From youth emergency employment to self-employment – joint UNDP and ILO work in Yemen
Najah Ali is a 24-year-old woman from Yemen’s Hajjah Governorate. Her husband is unemployed, and her father retired. She has two brothers and six sisters. The escalation of the brutal conflict in Yemen in 2015 meant that Najah – and numerous others like her in Yemen – desperately needed a source of income to feed her family and meet basic needs.
04 October 2017
Najah proved herself an ambitious and perseverant woman when, despite failed past attempts at setting up her own business, she was one of the beneficiaries of the livelihood component under the 3X6 approach that was implemented jointly by the United Nations Development Programme (UNDP) and the International Labour Organization (ILO) – in the Enhanced Rural Resilience project in Yemen (ERRY).
“My participation in the programme was an attempt to break the deadlock I was experiencing. I wanted to be independent - that has always been my dream. I have been working hard to make this dream come true,” Najah Said.
Under the 3x6 approach, 14 women participated in life-skills and business start-up training courses. The ILO delivered the My first Business (MFB) training programme, which is an adapted version of the ILO’s Start Your Business (SYB) programme specifically targeting unemployed young women and men.
The direct objectives of the programme are:
- Developing entrepreneurship skills of young men and women.
- Developing young participants’ knowledge and skills to start and operate their own small businesses while taking into consideration environmental issues.
“At the beginning, I thought the course was going to be very difficult for me, but as soon as I joined I began to understand many business concepts that I was not aware of. I liked the course design which was very participatory and included practical sessions which made the material simple and accessible,” Najah said.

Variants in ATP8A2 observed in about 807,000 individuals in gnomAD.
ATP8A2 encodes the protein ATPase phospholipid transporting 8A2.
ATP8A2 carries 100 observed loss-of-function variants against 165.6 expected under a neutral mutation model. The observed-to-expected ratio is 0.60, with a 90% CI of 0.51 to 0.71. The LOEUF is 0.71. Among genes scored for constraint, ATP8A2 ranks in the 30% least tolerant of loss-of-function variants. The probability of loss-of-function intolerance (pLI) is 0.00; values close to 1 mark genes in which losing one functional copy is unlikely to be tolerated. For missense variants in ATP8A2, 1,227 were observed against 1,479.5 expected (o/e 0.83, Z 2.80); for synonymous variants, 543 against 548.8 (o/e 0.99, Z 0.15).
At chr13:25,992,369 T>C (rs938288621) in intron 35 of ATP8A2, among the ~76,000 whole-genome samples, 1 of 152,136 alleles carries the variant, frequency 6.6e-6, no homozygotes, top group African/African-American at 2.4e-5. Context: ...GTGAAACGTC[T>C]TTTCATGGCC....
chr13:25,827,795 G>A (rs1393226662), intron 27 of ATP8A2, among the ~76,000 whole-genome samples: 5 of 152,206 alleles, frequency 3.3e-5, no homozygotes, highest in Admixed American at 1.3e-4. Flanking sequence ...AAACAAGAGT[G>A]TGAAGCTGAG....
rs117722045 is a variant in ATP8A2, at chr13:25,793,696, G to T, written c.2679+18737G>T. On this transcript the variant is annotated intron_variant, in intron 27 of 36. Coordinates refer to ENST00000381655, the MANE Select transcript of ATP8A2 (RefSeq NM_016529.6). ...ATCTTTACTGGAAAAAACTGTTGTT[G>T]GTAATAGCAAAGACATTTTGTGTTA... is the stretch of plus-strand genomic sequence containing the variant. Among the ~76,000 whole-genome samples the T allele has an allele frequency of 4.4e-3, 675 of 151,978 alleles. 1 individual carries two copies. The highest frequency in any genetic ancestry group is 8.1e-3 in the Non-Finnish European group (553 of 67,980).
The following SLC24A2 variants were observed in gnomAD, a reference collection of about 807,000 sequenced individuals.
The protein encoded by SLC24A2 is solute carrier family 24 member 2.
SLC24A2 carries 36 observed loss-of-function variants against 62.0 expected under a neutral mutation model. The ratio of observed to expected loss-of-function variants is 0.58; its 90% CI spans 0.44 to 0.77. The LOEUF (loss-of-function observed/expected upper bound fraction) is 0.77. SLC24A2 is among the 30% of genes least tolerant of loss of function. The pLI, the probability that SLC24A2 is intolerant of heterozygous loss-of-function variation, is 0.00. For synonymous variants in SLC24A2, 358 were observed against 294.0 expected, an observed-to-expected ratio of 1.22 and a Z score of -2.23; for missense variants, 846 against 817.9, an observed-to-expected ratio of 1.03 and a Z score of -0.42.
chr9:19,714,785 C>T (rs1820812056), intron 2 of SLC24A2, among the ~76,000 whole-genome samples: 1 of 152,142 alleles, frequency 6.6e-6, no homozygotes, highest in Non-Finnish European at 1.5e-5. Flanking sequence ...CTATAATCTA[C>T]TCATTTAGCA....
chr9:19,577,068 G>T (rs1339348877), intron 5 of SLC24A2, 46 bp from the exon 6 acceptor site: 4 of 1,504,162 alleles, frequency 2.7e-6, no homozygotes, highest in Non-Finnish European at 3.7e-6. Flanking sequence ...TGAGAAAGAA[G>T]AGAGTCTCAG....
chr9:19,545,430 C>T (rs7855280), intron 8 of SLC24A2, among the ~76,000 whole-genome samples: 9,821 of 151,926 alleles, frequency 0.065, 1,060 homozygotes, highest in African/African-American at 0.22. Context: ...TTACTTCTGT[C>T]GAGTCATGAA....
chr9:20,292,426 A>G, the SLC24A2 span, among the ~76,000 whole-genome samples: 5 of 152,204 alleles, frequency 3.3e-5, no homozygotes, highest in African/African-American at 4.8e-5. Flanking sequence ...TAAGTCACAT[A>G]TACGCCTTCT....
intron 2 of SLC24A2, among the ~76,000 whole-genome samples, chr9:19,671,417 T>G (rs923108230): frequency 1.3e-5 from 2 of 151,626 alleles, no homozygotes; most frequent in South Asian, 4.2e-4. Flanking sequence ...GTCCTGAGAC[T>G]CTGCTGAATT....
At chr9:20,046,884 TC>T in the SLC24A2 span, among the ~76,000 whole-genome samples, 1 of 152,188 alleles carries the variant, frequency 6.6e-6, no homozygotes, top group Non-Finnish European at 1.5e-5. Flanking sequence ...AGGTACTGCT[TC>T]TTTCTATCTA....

Najah generated income and saved capital through cash-for-work activities by spending 30 days building a hut and cultivating a farm. After participating in the My First Business training, Najah – in partnership with five other participants (group initiative) presented a viable business plan for establishing a ready-made clothes shop. Each participant’s saved capital was tripled and a start-up grant was provided through the project.
“I cannot believe that my dream has become true. Business is good, and we generate good revenue. The training course helped in building my self-confidence and acquiring the management skills and concepts needed to start my business. I am now a working woman who is financially able to support my family,” Najah Concluded.
The Enhanced Rural Resilience in Yemen (ERRY) programme is a joint-initiative funded by the European Union (EU) and implemented by FAO, ILO, UNDP and WFP in four governorates in Yemen (Hajjah, Hodeidah, Lahj and Abyan). The three-year joint programme aims to enhance the resilience and self-reliance of crisis-affected rural communities through support to livelihoods stabilization, food security, local governance, social cohesion and improved access to sustainable energy
More than 30 months of conflict have exacerbated chronic vulnerabilities leaving an estimated 18.8 million people in need of humanitarian assistance – a nearly 20 per cent increase since late 2014. The poverty rate in Yemen has doubled to 62 per cent during this period, and millions of people are now unable to meet their basic needs independently. Conflict, displacement, and economic decline are placing severe pressure on essential basic services and the institutions that provide them, pushing them towards total collapse. Salaries for health facility staff, teachers and other public sector workers go increasingly unpaid, leaving 1.25 million state employees and their 6.9 million dependents – or nearly 30 per cent of the population – without an income at a time of shortages and rising prices. As a direct consequence of the conflict, an estimated 8 million Yemenis have lost their livelihoods or are living in communities with minimal to no basic services. As a consequence, communities, especially these in rural areas, require support to promote their resilience.